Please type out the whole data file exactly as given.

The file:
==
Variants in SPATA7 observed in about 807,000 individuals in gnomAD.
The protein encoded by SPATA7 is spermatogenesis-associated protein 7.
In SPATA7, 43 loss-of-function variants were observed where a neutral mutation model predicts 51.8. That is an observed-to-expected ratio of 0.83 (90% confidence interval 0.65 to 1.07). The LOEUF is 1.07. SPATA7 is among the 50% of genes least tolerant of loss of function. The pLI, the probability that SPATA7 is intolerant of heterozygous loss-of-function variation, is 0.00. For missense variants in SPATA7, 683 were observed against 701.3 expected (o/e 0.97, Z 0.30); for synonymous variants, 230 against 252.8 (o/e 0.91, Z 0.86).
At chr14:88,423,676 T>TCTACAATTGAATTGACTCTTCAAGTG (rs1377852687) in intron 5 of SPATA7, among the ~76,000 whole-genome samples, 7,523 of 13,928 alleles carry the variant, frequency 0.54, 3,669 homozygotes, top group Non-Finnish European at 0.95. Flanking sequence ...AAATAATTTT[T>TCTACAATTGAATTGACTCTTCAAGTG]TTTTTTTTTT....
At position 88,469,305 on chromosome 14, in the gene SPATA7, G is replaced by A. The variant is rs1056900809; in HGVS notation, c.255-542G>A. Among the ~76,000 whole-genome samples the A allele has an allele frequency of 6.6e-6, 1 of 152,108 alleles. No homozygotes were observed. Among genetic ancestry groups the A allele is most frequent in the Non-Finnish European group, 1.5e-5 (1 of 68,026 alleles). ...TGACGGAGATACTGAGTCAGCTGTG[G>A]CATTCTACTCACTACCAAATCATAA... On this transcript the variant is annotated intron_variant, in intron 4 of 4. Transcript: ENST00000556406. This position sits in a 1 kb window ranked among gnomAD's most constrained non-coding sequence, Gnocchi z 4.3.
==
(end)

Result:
Variants in SPATA7 observed in about 807,000 individuals in gnomAD.
The protein encoded by SPATA7 is spermatogenesis-associated protein 7.
In SPATA7, 43 loss-of-function variants were observed where a neutral mutation model predicts 51.8. That is an observed-to-expected ratio of 0.83 (90% confidence interval 0.65 to 1.07). The LOEUF is 1.07. SPATA7 is among the 50% of genes least tolerant of loss of function. The pLI, the probability that SPATA7 is intolerant of heterozygous loss-of-function variation, is 0.00. For missense variants in SPATA7, 683 were observed against 701.3 expected (o/e 0.97, Z 0.30); for synonymous variants, 230 against 252.8 (o/e 0.91, Z 0.86).
At chr14:88,423,676 T>TCTACAATTGAATTGACTCTTCAAGTG (rs1377852687) in intron 5 of SPATA7, among the ~76,000 whole-genome samples, 7,523 of 13,928 alleles carry the variant, frequency 0.54, 3,669 homozygotes, top group Non-Finnish European at 0.95. Flanking sequence ...AAATAATTTT[T>TCTACAATTGAATTGACTCTTCAAGTG]TTTTTTTTTT....
At position 88,469,305 on chromosome 14, in the gene SPATA7, G is replaced by A. The variant is rs1056900809; in HGVS notation, c.255-542G>A. Among the ~76,000 whole-genome samples the A allele has an allele frequency of 6.6e-6, 1 of 152,108 alleles. No homozygotes were observed. Among genetic ancestry groups the A allele is most frequent in the Non-Finnish European group, 1.5e-5 (1 of 68,026 alleles). ...TGACGGAGATACTGAGTCAGCTGTG[G>A]CATTCTACTCACTACCAAATCATAA... On this transcript the variant is annotated intron_variant, in intron 4 of 4. Transcript: ENST00000556406. This position sits in a 1 kb window ranked among gnomAD's most constrained non-coding sequence, Gnocchi z 4.3.